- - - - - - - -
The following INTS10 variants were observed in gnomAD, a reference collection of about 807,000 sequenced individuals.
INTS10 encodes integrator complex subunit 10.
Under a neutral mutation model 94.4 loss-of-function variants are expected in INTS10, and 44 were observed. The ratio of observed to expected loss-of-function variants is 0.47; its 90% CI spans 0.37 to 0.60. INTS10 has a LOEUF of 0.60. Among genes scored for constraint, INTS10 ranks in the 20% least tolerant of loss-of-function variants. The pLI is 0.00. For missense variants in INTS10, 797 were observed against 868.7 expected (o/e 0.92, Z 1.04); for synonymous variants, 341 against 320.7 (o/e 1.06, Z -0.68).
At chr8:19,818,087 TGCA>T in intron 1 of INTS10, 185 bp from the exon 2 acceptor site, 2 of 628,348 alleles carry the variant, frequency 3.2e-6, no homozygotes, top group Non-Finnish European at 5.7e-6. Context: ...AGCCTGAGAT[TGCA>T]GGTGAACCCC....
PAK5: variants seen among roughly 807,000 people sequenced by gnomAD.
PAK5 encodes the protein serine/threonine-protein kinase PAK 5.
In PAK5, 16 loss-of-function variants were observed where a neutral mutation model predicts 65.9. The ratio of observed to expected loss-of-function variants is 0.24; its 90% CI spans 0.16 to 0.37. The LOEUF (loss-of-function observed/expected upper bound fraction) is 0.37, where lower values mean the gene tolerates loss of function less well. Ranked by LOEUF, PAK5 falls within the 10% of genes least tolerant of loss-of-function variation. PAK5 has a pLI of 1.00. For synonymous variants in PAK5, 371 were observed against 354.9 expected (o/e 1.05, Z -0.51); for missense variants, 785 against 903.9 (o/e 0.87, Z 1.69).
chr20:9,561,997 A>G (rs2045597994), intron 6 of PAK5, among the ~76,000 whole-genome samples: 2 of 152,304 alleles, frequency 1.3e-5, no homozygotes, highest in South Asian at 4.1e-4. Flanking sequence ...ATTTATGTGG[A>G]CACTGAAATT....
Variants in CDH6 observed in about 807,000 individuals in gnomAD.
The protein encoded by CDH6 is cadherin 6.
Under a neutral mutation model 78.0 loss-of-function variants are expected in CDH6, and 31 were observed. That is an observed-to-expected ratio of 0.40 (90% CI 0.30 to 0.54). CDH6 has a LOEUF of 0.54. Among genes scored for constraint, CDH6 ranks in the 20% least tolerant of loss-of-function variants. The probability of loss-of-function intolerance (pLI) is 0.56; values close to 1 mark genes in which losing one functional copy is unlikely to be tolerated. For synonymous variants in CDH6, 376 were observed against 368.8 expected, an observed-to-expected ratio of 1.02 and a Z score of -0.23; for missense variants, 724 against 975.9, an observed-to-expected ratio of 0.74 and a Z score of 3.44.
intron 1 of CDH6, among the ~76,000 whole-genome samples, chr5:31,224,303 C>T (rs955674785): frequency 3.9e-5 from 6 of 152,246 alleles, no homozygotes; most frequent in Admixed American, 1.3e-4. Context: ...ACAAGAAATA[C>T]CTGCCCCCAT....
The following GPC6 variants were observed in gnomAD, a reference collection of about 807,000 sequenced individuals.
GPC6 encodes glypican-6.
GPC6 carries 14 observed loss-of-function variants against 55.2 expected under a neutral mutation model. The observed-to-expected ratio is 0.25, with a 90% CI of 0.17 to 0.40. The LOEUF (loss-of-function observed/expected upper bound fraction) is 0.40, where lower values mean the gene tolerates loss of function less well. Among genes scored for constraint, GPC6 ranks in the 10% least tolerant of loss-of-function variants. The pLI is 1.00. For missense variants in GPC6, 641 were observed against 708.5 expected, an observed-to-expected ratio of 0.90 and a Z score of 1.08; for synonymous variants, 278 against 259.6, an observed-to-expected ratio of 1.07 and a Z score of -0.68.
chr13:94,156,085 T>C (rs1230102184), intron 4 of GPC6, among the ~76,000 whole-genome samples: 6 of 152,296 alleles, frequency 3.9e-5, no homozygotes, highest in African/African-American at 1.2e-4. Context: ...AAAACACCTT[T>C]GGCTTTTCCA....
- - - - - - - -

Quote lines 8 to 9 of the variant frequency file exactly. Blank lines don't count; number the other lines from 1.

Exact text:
chr20:9,561,997 A>G (rs2045597994), intron 6 of PAK5, among the ~76,000 whole-genome samples: 2 of 152,304 alleles, frequency 1.3e-5, no homozygotes, highest in South Asian at 4.1e-4. Flanking sequence ...ATTTATGTGG[A>G]CACTGAAATT....
Variants in CDH6 observed in about 807,000 individuals in gnomAD.